I recently peer-reviewed an academic paper that explored how well architects and other designers understand and value ‘research’. The author also looked at the degree to which architects engage in or initiate research studies, and then apply original findings to their projects. Reading this paper led me to reflect on how architects define research, and the place of it within the myriad of other information sources that influence architectural work. It also led me back to some research that I conducted earlier in my academic career in conjunction with the then Royal Australian Institute of Architects that investigated the sources of information that architects preferred to use to support their practice.
“Design is often considered a modern movement that started in Europe and migrated eastward, finding its home in the United States of America where today the likes of industrial design are widely practiced commercially.
Our student ambassadors Ehsan Sajadi, Ana Landi, Manushi Bashini and Minomi Pitipana have carefully curated a list of Green Design Professionals including Green Architects and Green Fashion Designers who made a significant impact on sustainability in their industry.
We continue adding people on the lists that deserve to be noticed for the good they have done for nature.
Please give feedback and suggest more names on the lists. We want more people who are utilizing their business skills for nature!
We are looking for you if you generate, capture, process, clean, analyze and make use of environmental information. We are interested in all data-driven #green#startups.
>>What you get During the accelerator you will: spend 100% of your time working on your business: everything that we do makes your company bigger receive coaching and mentoring; we have weekly workshops to develop parts of your business (sales, governance, marketing, scaling, etc.) online meetings with potential business partners work with 100+ professionals from the Fairforce network and our corporate partners access to Nestholma funding and introductions to hundreds of investors.
>>Who we are The accelerator is powered by @Nestholma 29 accelerators done. Client list includes Nordea, OTP bank, Microsoft, BT, Elisa, Santander, Nokia. ———————————– Deadline: September 15th, 2020 Starting date: October 11th, 2020 Duration: 14 weeks Location: Remote
This past May, the AIGA New York board met via Zoom to discuss potential board members recommended through our Call for Nominations.
“How do you get through the rest of the nomination application if their portfolio is bad?” one board member quipped as we discussed the merits of candidates.
“Yeah and also, how do we know if someone is cool?” another added. I was speechless. In a previous meeting, we’d agreed that bringing on non-designers and non-visual creatives was of a high priority. Why would a person’s “coolness” and portfolio (or lack of one) be a factor for inviting them to a team of community volunteers?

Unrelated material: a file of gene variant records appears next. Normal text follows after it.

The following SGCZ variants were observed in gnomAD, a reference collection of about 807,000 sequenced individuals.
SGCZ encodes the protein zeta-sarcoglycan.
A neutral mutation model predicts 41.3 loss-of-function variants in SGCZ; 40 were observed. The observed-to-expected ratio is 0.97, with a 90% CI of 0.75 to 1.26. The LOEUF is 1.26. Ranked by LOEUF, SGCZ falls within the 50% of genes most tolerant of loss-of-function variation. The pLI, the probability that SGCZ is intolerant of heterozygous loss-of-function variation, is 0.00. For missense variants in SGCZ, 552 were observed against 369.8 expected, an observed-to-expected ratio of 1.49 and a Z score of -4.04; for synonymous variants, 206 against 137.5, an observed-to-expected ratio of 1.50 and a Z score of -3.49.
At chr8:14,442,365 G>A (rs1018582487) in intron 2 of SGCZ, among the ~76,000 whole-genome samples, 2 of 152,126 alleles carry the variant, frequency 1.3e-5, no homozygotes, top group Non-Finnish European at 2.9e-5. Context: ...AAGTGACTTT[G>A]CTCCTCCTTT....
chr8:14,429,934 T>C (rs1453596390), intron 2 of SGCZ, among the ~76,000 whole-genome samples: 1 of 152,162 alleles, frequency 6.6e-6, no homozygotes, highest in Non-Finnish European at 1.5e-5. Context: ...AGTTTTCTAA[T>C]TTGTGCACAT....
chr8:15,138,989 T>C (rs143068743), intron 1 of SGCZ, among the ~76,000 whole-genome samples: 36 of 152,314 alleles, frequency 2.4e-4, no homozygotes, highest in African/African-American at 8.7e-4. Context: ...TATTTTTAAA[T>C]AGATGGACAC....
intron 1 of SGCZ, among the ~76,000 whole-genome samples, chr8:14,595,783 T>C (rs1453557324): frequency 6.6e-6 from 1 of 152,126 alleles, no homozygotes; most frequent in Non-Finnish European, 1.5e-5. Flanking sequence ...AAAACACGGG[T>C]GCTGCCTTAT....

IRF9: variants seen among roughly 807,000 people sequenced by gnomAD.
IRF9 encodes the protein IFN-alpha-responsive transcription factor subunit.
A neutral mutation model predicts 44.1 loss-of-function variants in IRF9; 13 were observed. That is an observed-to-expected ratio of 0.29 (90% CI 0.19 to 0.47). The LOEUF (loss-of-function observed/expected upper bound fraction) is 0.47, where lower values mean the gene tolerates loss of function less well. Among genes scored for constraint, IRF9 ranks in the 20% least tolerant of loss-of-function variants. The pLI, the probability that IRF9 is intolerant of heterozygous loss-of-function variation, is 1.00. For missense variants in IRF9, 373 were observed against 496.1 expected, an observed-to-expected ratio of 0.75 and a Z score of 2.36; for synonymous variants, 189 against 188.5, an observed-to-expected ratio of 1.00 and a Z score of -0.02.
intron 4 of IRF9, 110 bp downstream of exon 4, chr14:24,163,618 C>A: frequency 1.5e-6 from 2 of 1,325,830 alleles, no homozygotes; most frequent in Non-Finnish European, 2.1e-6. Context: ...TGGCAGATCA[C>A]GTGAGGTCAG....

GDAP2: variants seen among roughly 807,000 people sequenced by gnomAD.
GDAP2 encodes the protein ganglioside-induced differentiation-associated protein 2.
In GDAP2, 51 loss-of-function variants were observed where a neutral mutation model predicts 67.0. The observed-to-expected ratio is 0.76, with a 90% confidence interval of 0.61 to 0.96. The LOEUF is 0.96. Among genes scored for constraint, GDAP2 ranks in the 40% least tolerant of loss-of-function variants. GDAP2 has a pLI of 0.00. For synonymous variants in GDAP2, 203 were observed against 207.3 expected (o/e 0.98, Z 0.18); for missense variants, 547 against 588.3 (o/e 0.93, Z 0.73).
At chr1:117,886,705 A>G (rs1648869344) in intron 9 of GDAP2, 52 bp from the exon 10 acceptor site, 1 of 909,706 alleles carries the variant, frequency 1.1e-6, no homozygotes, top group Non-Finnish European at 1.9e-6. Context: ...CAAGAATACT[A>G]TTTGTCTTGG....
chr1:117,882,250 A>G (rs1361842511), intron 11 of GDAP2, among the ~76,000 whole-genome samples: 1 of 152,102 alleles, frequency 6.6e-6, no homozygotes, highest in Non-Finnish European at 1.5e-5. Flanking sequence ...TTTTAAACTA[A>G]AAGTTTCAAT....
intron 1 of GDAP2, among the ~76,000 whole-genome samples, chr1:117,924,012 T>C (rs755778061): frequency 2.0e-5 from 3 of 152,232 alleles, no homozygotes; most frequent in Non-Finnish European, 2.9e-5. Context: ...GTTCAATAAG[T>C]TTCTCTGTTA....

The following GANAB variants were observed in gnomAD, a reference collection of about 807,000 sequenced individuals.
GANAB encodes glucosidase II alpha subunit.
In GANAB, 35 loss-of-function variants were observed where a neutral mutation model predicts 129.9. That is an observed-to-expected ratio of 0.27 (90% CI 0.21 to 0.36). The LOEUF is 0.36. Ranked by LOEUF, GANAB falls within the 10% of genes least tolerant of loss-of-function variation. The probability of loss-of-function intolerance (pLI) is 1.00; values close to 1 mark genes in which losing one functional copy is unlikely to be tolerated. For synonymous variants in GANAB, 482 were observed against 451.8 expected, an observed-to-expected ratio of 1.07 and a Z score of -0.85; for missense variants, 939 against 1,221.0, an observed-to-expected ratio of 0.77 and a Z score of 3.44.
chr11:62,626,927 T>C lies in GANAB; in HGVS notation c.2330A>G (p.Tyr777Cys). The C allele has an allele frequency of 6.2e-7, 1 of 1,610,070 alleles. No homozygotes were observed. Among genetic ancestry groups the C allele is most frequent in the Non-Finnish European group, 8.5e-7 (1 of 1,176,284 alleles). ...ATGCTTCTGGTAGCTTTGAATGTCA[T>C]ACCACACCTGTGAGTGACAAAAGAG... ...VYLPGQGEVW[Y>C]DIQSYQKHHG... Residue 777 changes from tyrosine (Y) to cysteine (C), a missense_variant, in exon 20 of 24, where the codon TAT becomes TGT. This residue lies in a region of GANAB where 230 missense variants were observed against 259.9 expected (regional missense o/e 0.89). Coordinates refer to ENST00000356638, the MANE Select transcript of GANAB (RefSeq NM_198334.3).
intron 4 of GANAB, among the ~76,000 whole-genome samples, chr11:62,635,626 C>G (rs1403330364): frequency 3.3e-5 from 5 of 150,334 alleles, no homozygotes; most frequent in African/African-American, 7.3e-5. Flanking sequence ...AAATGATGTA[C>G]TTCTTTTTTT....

“I didn’t join the board to be best friends with people or to discuss the finer points of their craft. I joined to serve the broader design community and I hope that’s why we’re all here,” I countered, finally finding my words.
As a Black designer, I’m no stranger to my work quality being questioned. But it’s especially jarring to exist as a Black person who can see what’s going on behind closed doors. Unfortunately, my experience is not unique and this is especially true when surveying the shared experience of Black designers who have left “America’s professional organization for design” known as AIGA. During my tenure within AIGA, I’ve come to realize that it’s impossible to create sufficient change inside an organization that actively perpetuates racism towards people who look like me. It’s time for me to walk away, but before I do, I want to share what I’ve learned about AIGA’s history and pattern of not supporting Black designers.
There are a lot of opportunities online to extra cash daily and at the end of the month you can have something between U$ 100 – U$ 300.
However if you are a designer and if you want to work online, better be something related to design, right?
There are several “online jobs” regarding user experience tests, site tests, web design, bugs and apps.
Besides if you are already a digital designer UX – UI or want to learn more it is an interesting experience as a design tester you are at backstage, testing and learning also.
This sites are generally easy to enroll, in order to have a initial test, you must study guidelines and wait the test. In other sites you have to download a software to record screen and audio to perform testing.
The pay rate is good between U$ 10 – 20 for test, however at the beginning tests are not happening often, that’s a negative point.
In this new era, Design also needs to “redesign” itself, from long and heavy University Courses to fast, innovative and practical design courses, delivered by a global network of “Design Factories” from top universities.